The EU leadership has suffered another loss of credibility. The fragility of the Cypriot banking system was a surprise to no one. The potential financial rescue of Cyprus was on the eurozone agenda for months as Cypriot banks remained fragile since the write-down on the value of neighboring Greece’s sovereign debt, having owned more than their shared. However, when it finally came to negotiating an agreement on the Cypriot “bail out” deal, the EU process became a last minute exercise in brinkmanship between EU finance ministers, the European Central Bank, and the Cypriot Parliament. Consistent with past behavior, EU leadership also showed a lack of foresight and sensitivity to potential financial market reactions to their policy actions and words. It was a missed opportunity to show proactive EU management of another chapter of the debt crisis, one that doesn’t instill confidence that EU leadership is capable of keeping the euro zone together.
The “political will” of the EU fragmented further
The EU is a political union to create peaceful economic prosperity through a unified political will to overcome diverse interests, as it has been since its post-WWII inception. The Cyprus rescue illustrates the degree to which the EU political will is again fragmented, and that the euro debt crisis isn’t over. Over the course of the last year, German Chancellor Angela Merkel had demonstrated pragmatic leadership by balancing the policy objectives of her German constituency to curtail financial transfers to debt-burdened “peripheral” member states, while also being more lenient on some policy measures towards those “peripheral” countries making progress on reforms. In the Cyprus rescue, however, she seems to be now siding fully in sympathy with her “bail out”-weary German constituency, certainly in anticipation of upcoming national elections. Chancellor Merkel and other EU leaders will find it increasingly difficult to formulate balanced policy as political extremism consolidates between those who refuse to “bail out” the periphery, and the periphery that wants no part of the “bail out” medicine of austerity measures. The deep-set trends of social and political fragmentation will continue, and are at the root of the EU’s policy departures in Cyprus.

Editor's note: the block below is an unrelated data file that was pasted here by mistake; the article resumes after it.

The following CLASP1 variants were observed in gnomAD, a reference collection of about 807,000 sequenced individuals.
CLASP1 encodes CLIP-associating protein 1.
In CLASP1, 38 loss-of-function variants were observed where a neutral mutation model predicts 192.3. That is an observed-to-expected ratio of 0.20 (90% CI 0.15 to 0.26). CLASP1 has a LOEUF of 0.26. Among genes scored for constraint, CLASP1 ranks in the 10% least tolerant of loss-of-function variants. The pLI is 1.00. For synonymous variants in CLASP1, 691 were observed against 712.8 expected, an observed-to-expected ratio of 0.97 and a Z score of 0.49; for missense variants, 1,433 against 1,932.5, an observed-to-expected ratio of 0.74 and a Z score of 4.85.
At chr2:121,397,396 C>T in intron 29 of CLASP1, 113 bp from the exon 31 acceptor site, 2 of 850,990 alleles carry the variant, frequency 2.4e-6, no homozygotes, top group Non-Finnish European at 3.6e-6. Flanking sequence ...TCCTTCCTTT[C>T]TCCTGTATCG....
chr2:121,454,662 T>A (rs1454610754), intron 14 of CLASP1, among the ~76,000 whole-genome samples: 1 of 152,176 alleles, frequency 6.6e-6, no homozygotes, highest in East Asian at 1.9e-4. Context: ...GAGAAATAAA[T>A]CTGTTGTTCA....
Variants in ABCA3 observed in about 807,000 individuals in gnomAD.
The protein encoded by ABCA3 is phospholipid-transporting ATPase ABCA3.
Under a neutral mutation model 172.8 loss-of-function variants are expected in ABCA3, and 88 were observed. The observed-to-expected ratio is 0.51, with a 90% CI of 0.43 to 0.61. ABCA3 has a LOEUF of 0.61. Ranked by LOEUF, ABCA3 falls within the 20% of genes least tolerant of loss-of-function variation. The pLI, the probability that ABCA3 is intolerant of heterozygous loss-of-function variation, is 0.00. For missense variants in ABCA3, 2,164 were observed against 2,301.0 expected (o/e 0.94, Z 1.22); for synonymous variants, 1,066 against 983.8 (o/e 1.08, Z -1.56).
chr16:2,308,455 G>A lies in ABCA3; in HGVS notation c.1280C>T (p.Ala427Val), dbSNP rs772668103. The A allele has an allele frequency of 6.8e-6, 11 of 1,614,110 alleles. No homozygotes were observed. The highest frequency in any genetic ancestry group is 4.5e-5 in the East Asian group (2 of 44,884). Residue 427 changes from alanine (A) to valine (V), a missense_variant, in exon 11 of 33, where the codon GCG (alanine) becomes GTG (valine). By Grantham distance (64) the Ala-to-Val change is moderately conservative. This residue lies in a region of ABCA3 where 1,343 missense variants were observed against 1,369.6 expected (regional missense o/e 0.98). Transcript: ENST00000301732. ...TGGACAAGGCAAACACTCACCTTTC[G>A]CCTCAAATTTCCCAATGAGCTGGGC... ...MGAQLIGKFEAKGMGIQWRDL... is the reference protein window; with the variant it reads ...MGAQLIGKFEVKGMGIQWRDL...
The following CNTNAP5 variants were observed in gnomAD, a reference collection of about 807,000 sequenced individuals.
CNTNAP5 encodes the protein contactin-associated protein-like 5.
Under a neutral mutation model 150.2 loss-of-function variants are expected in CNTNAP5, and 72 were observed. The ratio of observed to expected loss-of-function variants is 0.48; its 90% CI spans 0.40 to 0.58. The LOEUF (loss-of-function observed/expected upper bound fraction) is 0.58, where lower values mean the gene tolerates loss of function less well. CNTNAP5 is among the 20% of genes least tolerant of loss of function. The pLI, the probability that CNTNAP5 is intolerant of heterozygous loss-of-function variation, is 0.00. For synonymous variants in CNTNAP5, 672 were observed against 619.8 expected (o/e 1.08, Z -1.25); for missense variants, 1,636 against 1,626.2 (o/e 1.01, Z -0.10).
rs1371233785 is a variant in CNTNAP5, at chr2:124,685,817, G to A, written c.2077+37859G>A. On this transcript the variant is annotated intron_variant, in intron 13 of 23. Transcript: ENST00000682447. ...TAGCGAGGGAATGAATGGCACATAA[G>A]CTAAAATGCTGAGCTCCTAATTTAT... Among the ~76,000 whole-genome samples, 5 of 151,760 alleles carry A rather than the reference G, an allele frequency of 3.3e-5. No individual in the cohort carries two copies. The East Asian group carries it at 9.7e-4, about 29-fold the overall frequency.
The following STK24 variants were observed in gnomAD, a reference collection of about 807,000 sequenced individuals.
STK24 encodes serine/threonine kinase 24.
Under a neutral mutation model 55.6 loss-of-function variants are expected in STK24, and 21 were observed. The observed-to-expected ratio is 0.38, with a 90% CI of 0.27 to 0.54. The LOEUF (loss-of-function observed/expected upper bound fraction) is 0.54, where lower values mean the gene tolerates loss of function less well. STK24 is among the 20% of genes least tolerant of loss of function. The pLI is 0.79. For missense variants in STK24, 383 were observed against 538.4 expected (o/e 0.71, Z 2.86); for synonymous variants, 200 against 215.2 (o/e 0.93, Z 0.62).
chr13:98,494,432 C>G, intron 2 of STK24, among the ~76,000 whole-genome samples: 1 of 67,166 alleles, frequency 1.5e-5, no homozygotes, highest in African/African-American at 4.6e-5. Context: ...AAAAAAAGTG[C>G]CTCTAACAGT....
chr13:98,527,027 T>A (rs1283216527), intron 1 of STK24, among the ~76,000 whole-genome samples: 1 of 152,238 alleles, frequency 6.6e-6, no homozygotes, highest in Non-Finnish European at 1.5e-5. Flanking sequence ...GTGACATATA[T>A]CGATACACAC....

“Whatever it takes”
The European Central Bank will not do “whatever it takes” to keep the euro zone intact. While ECB President Mario Draghi has gone above and beyond what most expected of him to keep the euro zone together, he will not use ECB policy mandate to do “whatever it takes” to protect it. He certainly will not protect insolvent banks, nor should he. Though he criticized the EU’s bailout plan, he also faulted Cyprus and emerged as taking a hardline stance in negotiating the terms for Cypriot banks. The chairman of the Bank of Cyprus, Andreas Artemis, quit following the negotiations, complaining he was ignored during the negotiation process regarding the future of the bank.
The important thing to remember is that Cyprus is not “unique” and its “bail out” has policy implications for the future. In spite of the country’s unique “business model” of relying on financing from large depositors from the former Soviet Union, Cyprus is not an isolated case. Each EU country on the list of “peripheral” nations that has unsustainable debt is unique in its own way, each due to an excessive practice of its own. As a consequence, policy emerging from the Cyprus “bail out” is relevant to future potential rescues. EU leadership has already stated that the Cypriot bail out may become a blueprint for future rescues, a public knowledge that can create a contagion of the worst type: fear. With the confiscation of deposits as a potential new policy tool, the EU can expect money from individuals and corporations to flee banks in countries that are candidates for EU “bail out” assistance over time.